Wednesday, 18 September 2013

Some lessons from the recent election results in the seats of Denison and Indi (Australian Federal Election, 2013)

I've been waiting to comment on the results of the Australian Federal Election until the results of the count for the seat of Indi were completed.  I saw the results in the two seats of  Denison (where I live) and Indi as being related to each other.

In some ways, they are very different seats. 
  • Denison in Tasmania, is a city-based seat, including much of the urban and suburban areas of Hobart, and - in the last two-and-a-half decades - has become one of the more left-leaning seats in the country.  At the 2010 election, the independent candidate Andrew Wilkie was elected as the MP for Denison, and he was easily re-elected in this year's election.
  • Indi, in northeastern Victoria, is a traditionally conservative rural seat (although it does include some small cities such as Wangaratta and Wodonga).  Since 2001, the MP for Indi was Sophie Mirabella, a standard-bearer for the right-wing of the Coalition parties.  Today, it was confirmed that Ms. Mirabella was narrowly beaten in this year's election by a middle-of-the-road independent Cathy McGowan.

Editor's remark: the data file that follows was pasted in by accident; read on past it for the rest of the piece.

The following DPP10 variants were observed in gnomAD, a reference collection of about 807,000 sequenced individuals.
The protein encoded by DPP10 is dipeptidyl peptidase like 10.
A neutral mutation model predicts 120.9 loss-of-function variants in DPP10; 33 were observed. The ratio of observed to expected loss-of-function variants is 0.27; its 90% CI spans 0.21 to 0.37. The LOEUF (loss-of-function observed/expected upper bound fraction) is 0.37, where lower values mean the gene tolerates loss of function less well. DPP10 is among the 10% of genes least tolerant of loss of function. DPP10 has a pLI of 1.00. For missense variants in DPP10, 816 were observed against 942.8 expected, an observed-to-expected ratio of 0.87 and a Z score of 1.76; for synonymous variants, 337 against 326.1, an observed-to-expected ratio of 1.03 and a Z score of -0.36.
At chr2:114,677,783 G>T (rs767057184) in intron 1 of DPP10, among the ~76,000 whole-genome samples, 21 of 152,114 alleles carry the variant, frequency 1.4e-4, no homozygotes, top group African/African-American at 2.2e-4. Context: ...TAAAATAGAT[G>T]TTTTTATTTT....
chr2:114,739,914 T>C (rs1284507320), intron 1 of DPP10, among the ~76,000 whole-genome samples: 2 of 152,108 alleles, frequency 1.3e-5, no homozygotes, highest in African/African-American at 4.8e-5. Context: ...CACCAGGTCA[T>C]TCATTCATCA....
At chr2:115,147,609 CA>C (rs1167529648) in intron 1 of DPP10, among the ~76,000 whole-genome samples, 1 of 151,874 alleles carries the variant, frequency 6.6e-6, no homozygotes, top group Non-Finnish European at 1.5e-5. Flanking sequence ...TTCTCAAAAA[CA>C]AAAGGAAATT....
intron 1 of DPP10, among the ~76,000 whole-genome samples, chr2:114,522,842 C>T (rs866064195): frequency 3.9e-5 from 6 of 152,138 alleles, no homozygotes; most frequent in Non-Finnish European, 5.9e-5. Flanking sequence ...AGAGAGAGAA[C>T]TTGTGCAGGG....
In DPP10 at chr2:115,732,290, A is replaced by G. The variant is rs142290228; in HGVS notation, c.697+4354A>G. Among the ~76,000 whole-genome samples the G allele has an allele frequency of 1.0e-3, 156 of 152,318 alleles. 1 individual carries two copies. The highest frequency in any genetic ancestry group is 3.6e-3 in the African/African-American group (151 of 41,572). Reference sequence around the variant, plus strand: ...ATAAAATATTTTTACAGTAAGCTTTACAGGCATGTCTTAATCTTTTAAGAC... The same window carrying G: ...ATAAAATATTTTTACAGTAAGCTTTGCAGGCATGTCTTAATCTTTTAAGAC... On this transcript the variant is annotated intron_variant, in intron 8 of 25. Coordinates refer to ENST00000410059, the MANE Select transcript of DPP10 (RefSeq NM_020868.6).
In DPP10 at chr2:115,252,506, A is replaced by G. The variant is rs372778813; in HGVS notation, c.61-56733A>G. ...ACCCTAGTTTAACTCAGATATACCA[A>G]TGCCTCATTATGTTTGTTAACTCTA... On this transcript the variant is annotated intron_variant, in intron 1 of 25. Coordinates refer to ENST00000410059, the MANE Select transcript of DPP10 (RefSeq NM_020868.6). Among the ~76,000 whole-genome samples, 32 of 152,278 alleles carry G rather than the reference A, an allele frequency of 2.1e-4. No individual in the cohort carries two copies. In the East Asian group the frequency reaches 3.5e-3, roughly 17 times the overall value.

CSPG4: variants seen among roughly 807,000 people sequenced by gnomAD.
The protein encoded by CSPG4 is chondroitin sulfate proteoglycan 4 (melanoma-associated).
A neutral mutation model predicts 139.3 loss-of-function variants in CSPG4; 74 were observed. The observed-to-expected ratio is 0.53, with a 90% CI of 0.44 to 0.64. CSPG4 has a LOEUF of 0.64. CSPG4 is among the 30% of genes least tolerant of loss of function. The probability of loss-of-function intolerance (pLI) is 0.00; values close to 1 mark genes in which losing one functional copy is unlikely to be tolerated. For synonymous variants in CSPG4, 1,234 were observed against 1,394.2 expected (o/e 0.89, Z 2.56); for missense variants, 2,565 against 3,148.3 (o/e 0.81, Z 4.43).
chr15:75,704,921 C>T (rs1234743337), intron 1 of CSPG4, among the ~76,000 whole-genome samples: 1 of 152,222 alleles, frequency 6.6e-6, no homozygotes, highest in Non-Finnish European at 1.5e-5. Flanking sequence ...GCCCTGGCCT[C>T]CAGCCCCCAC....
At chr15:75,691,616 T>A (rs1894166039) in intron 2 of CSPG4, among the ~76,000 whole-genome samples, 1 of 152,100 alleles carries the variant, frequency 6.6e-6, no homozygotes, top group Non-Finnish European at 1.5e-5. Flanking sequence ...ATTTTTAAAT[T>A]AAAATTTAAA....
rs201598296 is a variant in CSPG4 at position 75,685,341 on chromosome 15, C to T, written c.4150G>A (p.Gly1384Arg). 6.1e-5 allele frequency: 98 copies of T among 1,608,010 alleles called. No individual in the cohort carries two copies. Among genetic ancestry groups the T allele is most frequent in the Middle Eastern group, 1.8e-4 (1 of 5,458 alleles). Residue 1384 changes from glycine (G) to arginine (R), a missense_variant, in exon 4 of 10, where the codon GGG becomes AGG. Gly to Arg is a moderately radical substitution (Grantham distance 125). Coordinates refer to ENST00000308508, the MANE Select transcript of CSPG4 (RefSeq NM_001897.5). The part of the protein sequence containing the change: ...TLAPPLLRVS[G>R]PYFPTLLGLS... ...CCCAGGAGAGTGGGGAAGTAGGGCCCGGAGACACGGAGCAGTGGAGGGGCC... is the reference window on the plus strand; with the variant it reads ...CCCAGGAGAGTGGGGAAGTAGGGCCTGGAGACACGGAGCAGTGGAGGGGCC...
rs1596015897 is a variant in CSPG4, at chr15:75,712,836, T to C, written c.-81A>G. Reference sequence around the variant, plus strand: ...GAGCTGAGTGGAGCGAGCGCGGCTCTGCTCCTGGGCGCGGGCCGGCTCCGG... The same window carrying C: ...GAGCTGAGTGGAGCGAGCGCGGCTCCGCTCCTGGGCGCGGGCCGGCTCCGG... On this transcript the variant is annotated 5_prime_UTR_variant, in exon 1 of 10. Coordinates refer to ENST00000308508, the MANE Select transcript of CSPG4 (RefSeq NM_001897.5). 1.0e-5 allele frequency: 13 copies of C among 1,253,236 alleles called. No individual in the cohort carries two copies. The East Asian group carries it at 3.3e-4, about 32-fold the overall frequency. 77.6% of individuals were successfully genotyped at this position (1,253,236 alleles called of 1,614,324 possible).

The results in these two seats say a few things about Australian politics today.
  • The results in both seats tell us that there is plenty of room in the Australian Parliament for independent members with a commitment to their local electorates and without party-related baggage.
  • The results in Denison tell us that there is plenty of room on the "progressive" side of Australian politics for politicians that occupy the political space between the ALP and the Greens (much like the Australian Democrats of blessed memory), i.e. for politicians who are more principled than the ALP but more pragmatic than the Greens.
  • The results in Indi tell us that politicians (whether on the "right" or on the "left") who are seen more as proponents of an ideology than as representatives of their electorate can be very, very vulnerable from a good challenger with a high level of local credibility.
In my opinion, these are some hopeful signs.  Congratulations, Ms. McGowan!  Congratulations, Mr. Wilkie!


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